Strategic changes over the past two years have significantly improved Tyson Foods' cost structure, the company reports. Tyson also continues to make progress in its efforts to convert byproducts into fuel and other higher margin items. 

In the past two years Tyson has reduced its finished cattle capacity by nearly 8,000 head per day by suspending slaughter operations at three locations in areas with low cattle availability. This includes closing plants in Boise, Idaho, and West Point, Neb., and restructuring operations at Emporia, Kan.

“Reducing our beef production capacity and focusing on regions with more available cattle have made our operations more efficient,” says Noel White, a senior vice president for Tyson Fresh Meats. “We’ve improved the balance between our capacity and available cattle. We've also succeeded in making other operational improvements in both our beef and pork plants.”

Tyson’s pork business has been bolstered by strong exports. The weak U.S. dollar and live-hog price, as well production costs compared to other countries have worked in the U.S. pork industry's favor. USDA projects steady growth for U.S. pork exports for the next 10 years.

Tyson’s efforts to revolutionize the conversion of raw materials and byproducts into high-margin initiatives currently involve four growth platforms: renewable energy, pet products, bio-tech and nutraceuticals. 

Jeff Webster, senior vice president of Tyson’s Renewable Products Division, offers an update on the company’s strategic alliance with ConocoPhillips to convert fat into renewable diesel fuel. The two companies experienced a successful start-up in December 2007 and are now producing 300 to 500 barrels of renewable diesel per day.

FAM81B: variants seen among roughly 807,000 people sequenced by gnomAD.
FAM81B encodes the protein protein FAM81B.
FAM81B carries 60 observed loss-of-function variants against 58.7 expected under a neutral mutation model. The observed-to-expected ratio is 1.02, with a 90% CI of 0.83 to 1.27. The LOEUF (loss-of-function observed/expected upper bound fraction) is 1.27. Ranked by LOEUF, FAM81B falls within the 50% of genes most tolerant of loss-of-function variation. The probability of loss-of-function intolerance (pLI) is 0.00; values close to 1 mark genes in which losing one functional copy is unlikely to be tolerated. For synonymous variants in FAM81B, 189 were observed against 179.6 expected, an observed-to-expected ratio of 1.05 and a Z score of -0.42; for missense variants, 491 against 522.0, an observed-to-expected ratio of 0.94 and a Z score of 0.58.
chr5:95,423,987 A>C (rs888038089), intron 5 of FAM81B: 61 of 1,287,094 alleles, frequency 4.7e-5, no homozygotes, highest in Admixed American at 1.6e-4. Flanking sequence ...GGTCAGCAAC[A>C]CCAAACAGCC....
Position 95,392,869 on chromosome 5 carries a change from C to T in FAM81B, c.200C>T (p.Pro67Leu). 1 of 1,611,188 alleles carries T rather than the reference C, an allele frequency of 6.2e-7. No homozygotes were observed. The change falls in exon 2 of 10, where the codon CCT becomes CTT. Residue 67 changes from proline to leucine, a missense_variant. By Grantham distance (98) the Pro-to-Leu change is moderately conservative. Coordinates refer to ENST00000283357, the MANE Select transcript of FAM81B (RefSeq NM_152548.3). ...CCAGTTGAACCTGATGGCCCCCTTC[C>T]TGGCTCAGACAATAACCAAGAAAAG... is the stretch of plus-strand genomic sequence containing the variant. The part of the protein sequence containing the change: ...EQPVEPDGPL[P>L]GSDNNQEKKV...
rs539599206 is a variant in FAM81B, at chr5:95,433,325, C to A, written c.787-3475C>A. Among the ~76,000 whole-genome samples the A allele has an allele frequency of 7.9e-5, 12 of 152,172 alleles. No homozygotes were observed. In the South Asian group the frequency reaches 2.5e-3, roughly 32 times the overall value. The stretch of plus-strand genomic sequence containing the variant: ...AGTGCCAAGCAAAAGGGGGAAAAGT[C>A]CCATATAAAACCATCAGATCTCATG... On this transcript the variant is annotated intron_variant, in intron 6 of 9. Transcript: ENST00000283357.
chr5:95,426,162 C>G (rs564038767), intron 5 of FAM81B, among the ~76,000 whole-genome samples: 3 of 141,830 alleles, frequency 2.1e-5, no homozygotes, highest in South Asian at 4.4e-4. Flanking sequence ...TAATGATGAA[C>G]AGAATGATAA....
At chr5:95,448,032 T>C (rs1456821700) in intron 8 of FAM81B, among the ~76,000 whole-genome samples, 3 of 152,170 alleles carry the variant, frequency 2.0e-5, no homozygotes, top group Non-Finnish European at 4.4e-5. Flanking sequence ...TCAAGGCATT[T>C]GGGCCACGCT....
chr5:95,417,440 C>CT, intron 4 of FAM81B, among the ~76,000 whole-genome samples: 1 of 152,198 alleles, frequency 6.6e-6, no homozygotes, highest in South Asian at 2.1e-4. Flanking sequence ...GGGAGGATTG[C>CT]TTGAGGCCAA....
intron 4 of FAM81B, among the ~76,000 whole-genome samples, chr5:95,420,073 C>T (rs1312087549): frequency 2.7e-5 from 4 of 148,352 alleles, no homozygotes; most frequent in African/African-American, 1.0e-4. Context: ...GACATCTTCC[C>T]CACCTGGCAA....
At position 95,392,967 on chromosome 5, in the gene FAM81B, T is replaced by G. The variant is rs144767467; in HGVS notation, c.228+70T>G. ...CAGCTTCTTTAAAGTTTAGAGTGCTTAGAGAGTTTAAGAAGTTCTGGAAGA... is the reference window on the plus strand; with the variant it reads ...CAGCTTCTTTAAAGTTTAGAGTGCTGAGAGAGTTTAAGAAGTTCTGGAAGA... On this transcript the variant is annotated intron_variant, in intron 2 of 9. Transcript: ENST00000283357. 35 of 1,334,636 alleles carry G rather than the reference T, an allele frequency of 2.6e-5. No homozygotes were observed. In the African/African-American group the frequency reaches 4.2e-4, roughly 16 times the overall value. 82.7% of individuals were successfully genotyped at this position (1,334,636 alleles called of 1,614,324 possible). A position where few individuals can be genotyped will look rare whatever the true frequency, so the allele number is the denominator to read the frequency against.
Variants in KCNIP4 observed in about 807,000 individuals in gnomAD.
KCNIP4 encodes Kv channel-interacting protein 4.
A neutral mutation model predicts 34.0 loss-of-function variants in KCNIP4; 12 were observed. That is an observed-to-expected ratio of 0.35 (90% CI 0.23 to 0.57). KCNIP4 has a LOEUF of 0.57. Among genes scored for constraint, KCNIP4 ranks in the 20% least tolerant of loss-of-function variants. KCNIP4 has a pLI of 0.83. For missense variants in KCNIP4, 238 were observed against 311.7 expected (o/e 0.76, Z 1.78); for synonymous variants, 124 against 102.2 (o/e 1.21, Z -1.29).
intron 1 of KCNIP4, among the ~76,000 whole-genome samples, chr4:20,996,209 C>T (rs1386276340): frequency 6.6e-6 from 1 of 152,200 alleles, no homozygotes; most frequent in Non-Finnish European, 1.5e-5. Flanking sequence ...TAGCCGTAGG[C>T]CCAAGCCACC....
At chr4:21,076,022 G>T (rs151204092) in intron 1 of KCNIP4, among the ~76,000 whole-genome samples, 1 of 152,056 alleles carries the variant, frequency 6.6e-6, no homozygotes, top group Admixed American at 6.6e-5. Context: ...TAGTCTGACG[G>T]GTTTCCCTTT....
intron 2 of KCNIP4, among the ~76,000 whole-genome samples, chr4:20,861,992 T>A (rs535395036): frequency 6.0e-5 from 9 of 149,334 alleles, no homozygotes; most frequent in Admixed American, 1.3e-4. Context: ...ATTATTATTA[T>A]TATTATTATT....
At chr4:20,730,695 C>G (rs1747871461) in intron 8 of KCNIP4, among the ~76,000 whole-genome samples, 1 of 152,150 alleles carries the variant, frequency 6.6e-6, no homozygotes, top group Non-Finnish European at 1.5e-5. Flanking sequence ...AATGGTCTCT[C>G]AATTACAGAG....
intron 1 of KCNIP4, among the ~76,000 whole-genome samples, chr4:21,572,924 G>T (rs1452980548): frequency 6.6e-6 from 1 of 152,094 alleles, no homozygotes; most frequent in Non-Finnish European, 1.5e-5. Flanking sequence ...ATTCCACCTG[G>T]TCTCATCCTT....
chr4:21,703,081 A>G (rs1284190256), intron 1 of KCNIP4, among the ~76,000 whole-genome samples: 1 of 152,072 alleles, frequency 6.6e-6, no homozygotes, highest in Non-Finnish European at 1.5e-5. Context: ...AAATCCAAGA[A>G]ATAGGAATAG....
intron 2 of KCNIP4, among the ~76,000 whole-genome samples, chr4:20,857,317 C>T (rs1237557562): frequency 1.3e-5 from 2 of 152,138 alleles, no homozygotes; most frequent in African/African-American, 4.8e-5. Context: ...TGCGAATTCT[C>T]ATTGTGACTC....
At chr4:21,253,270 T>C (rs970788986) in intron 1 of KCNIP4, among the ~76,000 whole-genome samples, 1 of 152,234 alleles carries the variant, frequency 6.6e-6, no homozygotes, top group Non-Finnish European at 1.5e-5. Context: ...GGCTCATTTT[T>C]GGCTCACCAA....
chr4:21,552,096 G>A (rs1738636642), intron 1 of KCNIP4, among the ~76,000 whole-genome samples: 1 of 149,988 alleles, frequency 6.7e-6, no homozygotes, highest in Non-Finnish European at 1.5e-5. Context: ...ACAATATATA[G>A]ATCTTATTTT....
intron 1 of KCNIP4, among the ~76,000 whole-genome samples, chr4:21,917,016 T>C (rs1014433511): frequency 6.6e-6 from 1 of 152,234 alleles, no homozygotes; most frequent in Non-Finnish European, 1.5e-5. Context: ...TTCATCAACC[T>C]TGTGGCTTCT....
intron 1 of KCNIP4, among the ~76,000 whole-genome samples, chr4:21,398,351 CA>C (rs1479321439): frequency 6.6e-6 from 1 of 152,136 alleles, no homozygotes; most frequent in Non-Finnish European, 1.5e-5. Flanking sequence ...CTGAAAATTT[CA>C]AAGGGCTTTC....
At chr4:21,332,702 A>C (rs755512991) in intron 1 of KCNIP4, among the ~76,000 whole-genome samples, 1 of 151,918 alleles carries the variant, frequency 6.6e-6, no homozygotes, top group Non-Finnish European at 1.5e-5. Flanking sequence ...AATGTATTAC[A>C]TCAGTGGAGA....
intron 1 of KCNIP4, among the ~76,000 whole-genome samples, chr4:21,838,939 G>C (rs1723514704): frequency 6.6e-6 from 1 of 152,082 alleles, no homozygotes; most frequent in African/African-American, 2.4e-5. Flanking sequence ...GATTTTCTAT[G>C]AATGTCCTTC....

“The progress we've made in producing renewable diesel helps animal agriculture and does not directly impact the food chain,” Webster notes. “We hope future decisions by Congress regarding investment incentives do not impede our company's ability to make these contributions." 

Webster also notes Tyson's participation in Dynamic Fuels, a joint venture between Syntroleum Corp. and Tyson, to convert low-grade, inedible fats and greases into renewable synthetic diesel, jet and military fuel. Dynamic Fuels has secured preliminary approval for $100 million in tax exempt Gulf Opportunity Zone Bonds to fund the building of the company’s first renewable synthetic fuels facility in Geismar, La. 

Equipment has been ordered, process engineering for the project is completed and final cost estimates are expected this month. Construction is expected to begin this fall, with start-up planned for the first quarter of 2010. Once in operation, the plant is expected to produce about 75 million gallons of renewable synthetic fuel annually.

Tyson also has partnerships with other companies to produce such items as pet food products, super absorbent materials, collagen-based products and protein supplements. For example, earlier this year, Tyson and Kemin Industries formed a strategic alliance to develop, manufacture, market and sell liquid and dry flavor-enhancers known as palatants, to the North American pet food market.

As for the recent avian influenza (H7N3) issue, Noel White notes that a routine test on a flock of Tyson breeder hens in Arkansas identified the presence of antibodies. This is not the high-pathogenic strain. The 15,000 chickens involved showed no signs of illness and the situation poses no risk to human health. Even though the affected birds did not currently have the virus, they were destroyed as a precautionary measure and will not enter the human food chain.

As a result of the discovery, the United States has voluntarily suspended any poultry exports from Arkansas to Russia for 90 days and Japan has implement a temporary ban. However, Tyson expects to continue to serve its customers in those countries by providing product from company plants in other states. Tyson officials do not believe this matter will have a material impact on the company’s business.

Source: Tyson Foods